My A1 shipped with two Seagate Momentus 7200/16MB drives, and I stuck a 300GB Intel 320 in as the main drive, which has been a great combo. I stuck Steam stuff on the second drive, as well as all my shows from my Tivo, etc., while most of my programs are on the first drive. (The Seagate Momentus XT is a nice compromise if you don't want to spend a crazy amount on an SSD as the boot drive...honestly to me there feels like a bigger gap between normal drives and the Momentus XT than between the XT and the $550ish I spend on my SSD isn't REALLY worth it, I just wanted to do it!)

    Anyway, so far my G74's just been a pleasure to use. Normal drivers installed with no hacks or weirdness. Nothing's gone wrong. All the hardware's nice, and fast, etc.
  • aguilpa1 - Friday, October 7, 2011 - link

    This thing is huge and uses the same tired old 560, so sad. I don't see how this is news or can be considered an update. Reply
  • Siorus - Friday, October 7, 2011 - link

    Jarred, have they fixed the throttling issue that they've had since the G73 came out yet?

    I bought a G73 for work a few months ago, because I needed a mobile CAD workstation RIGHT (bleep)ING YESTERDAY and that was the closest I could get locally. 2630QM or a 2720QM or something, and a GTX460m. While setting it up, I found that if you run furmark and prime95 at the same time, the CPU throttles down to 800MHz and stays there. It's not a heat issue; temperatures stay well under control (60s-70s*C); I did some googling and found people reporting performance problems in games because of it.

    So I ran out and bought a G74 since the guy that needed it was going on a trip and he needed a machine the next day (it's great when people don't tell you these things until the last minute). The G74 (same CPU, 560m) has the same exact issue.

    I guess some HP laptop had the same problem and HP released a BIOS update to fix it. As far as I know, ASUS has not yet seen fit to actually fix or stop selling a fundamentally broken machine.

    I'm frankly disgusted with the whole episode; I've used ASUS boards almost exclusively both at work and at home for years (since the demise of Abit), and unless this is addressed, I, for one, will never buy another ASUS product again.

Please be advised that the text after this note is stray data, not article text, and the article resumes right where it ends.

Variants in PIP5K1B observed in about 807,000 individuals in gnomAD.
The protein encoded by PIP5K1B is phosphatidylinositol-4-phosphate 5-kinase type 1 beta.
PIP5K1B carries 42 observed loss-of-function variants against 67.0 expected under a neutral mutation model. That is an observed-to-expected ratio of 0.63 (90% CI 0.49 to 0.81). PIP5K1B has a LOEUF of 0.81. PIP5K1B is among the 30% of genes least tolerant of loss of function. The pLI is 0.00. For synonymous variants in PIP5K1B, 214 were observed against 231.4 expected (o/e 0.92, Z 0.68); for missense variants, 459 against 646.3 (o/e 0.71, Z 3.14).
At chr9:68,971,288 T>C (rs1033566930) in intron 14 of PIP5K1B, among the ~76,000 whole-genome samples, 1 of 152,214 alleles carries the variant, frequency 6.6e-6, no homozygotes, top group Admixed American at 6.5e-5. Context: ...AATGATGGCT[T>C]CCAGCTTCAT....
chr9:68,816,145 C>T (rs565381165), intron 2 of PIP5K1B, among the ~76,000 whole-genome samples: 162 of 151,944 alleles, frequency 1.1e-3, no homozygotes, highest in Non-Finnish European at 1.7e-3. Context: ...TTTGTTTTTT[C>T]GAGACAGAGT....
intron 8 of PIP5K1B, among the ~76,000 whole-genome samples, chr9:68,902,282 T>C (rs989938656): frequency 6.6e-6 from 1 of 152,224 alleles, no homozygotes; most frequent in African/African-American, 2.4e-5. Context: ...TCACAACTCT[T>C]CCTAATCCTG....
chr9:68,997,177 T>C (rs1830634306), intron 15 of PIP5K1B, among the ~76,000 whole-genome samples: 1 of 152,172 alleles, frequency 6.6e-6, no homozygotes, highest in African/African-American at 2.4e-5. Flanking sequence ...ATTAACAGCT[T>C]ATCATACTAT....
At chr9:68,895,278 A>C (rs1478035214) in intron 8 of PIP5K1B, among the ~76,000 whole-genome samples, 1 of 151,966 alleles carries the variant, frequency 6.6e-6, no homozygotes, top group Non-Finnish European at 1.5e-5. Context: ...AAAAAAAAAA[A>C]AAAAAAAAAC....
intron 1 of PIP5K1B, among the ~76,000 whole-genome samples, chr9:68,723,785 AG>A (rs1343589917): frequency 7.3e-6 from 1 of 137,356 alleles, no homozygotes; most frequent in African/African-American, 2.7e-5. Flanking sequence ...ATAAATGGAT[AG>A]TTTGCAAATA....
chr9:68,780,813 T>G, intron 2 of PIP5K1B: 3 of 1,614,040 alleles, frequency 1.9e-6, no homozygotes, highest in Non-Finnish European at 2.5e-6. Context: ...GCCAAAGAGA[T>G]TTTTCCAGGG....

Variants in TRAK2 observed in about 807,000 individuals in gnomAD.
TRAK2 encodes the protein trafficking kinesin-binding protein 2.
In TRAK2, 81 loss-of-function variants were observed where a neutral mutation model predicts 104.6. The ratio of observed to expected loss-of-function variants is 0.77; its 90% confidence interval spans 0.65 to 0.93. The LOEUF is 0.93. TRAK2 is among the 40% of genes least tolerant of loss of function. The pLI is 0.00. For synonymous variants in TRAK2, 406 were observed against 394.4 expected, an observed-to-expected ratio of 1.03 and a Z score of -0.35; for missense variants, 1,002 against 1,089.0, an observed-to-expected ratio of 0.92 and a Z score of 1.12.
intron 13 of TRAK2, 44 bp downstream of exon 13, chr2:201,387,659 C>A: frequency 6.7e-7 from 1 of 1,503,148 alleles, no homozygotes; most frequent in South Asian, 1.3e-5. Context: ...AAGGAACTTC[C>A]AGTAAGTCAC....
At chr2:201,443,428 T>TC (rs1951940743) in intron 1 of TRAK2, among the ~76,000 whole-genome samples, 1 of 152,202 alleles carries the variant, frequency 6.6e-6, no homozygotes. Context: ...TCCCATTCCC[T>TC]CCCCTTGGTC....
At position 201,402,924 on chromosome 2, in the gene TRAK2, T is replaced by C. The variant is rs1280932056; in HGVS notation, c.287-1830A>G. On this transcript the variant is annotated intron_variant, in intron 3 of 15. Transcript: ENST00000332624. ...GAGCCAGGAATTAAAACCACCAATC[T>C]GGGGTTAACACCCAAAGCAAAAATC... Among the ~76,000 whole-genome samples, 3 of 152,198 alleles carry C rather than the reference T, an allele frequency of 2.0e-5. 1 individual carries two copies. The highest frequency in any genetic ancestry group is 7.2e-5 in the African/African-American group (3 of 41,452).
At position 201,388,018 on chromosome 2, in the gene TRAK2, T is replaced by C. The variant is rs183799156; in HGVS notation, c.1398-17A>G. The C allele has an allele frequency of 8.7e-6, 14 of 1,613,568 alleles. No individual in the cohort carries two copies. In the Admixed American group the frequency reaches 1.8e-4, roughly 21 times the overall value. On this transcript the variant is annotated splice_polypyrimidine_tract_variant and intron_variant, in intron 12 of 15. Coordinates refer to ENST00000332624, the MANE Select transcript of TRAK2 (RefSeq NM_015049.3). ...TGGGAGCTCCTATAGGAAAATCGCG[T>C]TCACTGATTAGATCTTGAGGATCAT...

• JarredWalton - Saturday, October 8, 2011 - link

    I just spent the last couple of hours trying to replicate the throttling issue, without using Furmark. I have been unable to do so. With Furmark however, running any heavily threaded load at the same time will result in almost immediate throttling of the CPU clock, as you mention.

    The problem I have here is that Furmark is a well-known "power virus". Both AMD and NVIDIA have already essentially prevented it from running at maximum load to the point where it will ruin hardware (or at least they have tried). I have not found any other graphics program (without including Furmark derivatives like MSI Kombustor) that will generate a similar load on a GPU. As such, it's difficult for me to ding a laptop for throttling while running what is essentially a load that you cannot replicate without using a synthetic utility.

    If you can give me some real-world scenario where throttling results (e.g. running a particular game), I'll be happy to look into it. But it needs to be an actual game (or game + heavily threaded application load). I'll put a note on the power/temp page at least warning of the throttling potential, but until I can replicate it elsewhere I won't lose any sleep over Furmark.

Log in

Don't have an account? Sign up now